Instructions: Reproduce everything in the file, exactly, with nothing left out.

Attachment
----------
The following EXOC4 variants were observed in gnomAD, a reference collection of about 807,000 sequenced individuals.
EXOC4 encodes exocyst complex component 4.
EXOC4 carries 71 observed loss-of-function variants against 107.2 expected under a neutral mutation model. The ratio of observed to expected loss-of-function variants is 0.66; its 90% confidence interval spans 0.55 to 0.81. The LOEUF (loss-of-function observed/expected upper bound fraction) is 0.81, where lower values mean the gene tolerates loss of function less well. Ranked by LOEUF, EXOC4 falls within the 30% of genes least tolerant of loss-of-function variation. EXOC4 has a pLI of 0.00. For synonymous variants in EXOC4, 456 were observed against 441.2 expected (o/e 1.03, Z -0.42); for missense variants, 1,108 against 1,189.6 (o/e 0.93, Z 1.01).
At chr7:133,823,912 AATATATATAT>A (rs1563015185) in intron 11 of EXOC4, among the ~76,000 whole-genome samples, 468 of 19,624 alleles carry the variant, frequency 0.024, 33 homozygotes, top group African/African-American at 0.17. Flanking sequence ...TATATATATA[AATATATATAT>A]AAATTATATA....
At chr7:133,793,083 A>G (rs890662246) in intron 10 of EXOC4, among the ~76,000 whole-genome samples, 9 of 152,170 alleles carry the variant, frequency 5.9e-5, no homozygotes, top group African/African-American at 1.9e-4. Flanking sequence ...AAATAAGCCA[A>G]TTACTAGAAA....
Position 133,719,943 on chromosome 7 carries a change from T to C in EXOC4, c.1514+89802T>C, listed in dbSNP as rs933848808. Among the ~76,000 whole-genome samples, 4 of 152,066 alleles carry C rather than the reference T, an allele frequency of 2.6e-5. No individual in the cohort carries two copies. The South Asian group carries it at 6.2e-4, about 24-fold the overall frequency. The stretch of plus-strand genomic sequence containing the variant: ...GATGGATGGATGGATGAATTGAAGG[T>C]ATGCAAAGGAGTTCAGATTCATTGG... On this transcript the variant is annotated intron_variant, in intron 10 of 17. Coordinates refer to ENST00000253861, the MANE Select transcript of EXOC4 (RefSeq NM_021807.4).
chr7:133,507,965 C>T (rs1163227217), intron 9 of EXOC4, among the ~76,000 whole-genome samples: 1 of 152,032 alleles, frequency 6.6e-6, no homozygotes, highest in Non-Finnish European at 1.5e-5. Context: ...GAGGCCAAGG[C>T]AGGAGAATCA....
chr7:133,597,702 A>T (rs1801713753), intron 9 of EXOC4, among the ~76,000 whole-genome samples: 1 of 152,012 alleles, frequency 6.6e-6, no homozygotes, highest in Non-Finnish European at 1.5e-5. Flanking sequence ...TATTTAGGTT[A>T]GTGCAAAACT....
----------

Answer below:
The following EXOC4 variants were observed in gnomAD, a reference collection of about 807,000 sequenced individuals.
EXOC4 encodes exocyst complex component 4.
EXOC4 carries 71 observed loss-of-function variants against 107.2 expected under a neutral mutation model. The ratio of observed to expected loss-of-function variants is 0.66; its 90% confidence interval spans 0.55 to 0.81. The LOEUF (loss-of-function observed/expected upper bound fraction) is 0.81, where lower values mean the gene tolerates loss of function less well. Ranked by LOEUF, EXOC4 falls within the 30% of genes least tolerant of loss-of-function variation. EXOC4 has a pLI of 0.00. For synonymous variants in EXOC4, 456 were observed against 441.2 expected (o/e 1.03, Z -0.42); for missense variants, 1,108 against 1,189.6 (o/e 0.93, Z 1.01).
At chr7:133,823,912 AATATATATAT>A (rs1563015185) in intron 11 of EXOC4, among the ~76,000 whole-genome samples, 468 of 19,624 alleles carry the variant, frequency 0.024, 33 homozygotes, top group African/African-American at 0.17. Flanking sequence ...TATATATATA[AATATATATAT>A]AAATTATATA....
At chr7:133,793,083 A>G (rs890662246) in intron 10 of EXOC4, among the ~76,000 whole-genome samples, 9 of 152,170 alleles carry the variant, frequency 5.9e-5, no homozygotes, top group African/African-American at 1.9e-4. Flanking sequence ...AAATAAGCCA[A>G]TTACTAGAAA....
Position 133,719,943 on chromosome 7 carries a change from T to C in EXOC4, c.1514+89802T>C, listed in dbSNP as rs933848808. Among the ~76,000 whole-genome samples, 4 of 152,066 alleles carry C rather than the reference T, an allele frequency of 2.6e-5. No individual in the cohort carries two copies. The South Asian group carries it at 6.2e-4, about 24-fold the overall frequency. The stretch of plus-strand genomic sequence containing the variant: ...GATGGATGGATGGATGAATTGAAGG[T>C]ATGCAAAGGAGTTCAGATTCATTGG... On this transcript the variant is annotated intron_variant, in intron 10 of 17. Coordinates refer to ENST00000253861, the MANE Select transcript of EXOC4 (RefSeq NM_021807.4).
chr7:133,507,965 C>T (rs1163227217), intron 9 of EXOC4, among the ~76,000 whole-genome samples: 1 of 152,032 alleles, frequency 6.6e-6, no homozygotes, highest in Non-Finnish European at 1.5e-5. Context: ...GAGGCCAAGG[C>T]AGGAGAATCA....
chr7:133,597,702 A>T (rs1801713753), intron 9 of EXOC4, among the ~76,000 whole-genome samples: 1 of 152,012 alleles, frequency 6.6e-6, no homozygotes, highest in Non-Finnish European at 1.5e-5. Flanking sequence ...TATTTAGGTT[A>T]GTGCAAAACT....